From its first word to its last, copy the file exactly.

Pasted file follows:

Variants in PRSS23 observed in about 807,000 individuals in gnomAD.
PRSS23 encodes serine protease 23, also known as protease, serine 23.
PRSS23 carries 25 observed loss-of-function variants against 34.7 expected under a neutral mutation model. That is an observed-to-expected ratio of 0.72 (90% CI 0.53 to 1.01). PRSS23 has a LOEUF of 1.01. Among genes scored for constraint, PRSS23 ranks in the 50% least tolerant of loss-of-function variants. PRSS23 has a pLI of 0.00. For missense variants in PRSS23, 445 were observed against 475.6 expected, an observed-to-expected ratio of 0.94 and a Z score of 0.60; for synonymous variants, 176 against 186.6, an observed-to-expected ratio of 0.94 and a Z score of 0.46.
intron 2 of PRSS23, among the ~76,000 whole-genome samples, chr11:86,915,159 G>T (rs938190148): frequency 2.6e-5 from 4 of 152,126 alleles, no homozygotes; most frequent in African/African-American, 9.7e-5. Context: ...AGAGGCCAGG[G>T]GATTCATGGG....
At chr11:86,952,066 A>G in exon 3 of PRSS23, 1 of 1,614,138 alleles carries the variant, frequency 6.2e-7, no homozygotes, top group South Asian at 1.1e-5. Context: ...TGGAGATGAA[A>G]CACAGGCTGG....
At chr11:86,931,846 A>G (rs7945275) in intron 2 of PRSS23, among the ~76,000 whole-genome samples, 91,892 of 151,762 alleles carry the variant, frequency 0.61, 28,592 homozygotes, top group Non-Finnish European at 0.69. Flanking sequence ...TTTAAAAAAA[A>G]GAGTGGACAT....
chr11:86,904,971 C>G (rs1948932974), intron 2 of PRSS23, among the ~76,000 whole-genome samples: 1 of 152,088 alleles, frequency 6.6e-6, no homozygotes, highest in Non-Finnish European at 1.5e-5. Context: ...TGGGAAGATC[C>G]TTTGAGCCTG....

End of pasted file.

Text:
Variants in PRSS23 observed in about 807,000 individuals in gnomAD.
PRSS23 encodes serine protease 23, also known as protease, serine 23.
PRSS23 carries 25 observed loss-of-function variants against 34.7 expected under a neutral mutation model. That is an observed-to-expected ratio of 0.72 (90% CI 0.53 to 1.01). PRSS23 has a LOEUF of 1.01. Among genes scored for constraint, PRSS23 ranks in the 50% least tolerant of loss-of-function variants. PRSS23 has a pLI of 0.00. For missense variants in PRSS23, 445 were observed against 475.6 expected, an observed-to-expected ratio of 0.94 and a Z score of 0.60; for synonymous variants, 176 against 186.6, an observed-to-expected ratio of 0.94 and a Z score of 0.46.
intron 2 of PRSS23, among the ~76,000 whole-genome samples, chr11:86,915,159 G>T (rs938190148): frequency 2.6e-5 from 4 of 152,126 alleles, no homozygotes; most frequent in African/African-American, 9.7e-5. Context: ...AGAGGCCAGG[G>T]GATTCATGGG....
At chr11:86,952,066 A>G in exon 3 of PRSS23, 1 of 1,614,138 alleles carries the variant, frequency 6.2e-7, no homozygotes, top group South Asian at 1.1e-5. Context: ...TGGAGATGAA[A>G]CACAGGCTGG....
At chr11:86,931,846 A>G (rs7945275) in intron 2 of PRSS23, among the ~76,000 whole-genome samples, 91,892 of 151,762 alleles carry the variant, frequency 0.61, 28,592 homozygotes, top group Non-Finnish European at 0.69. Flanking sequence ...TTTAAAAAAA[A>G]GAGTGGACAT....
chr11:86,904,971 C>G (rs1948932974), intron 2 of PRSS23, among the ~76,000 whole-genome samples: 1 of 152,088 alleles, frequency 6.6e-6, no homozygotes, highest in Non-Finnish European at 1.5e-5. Context: ...TGGGAAGATC[C>G]TTTGAGCCTG....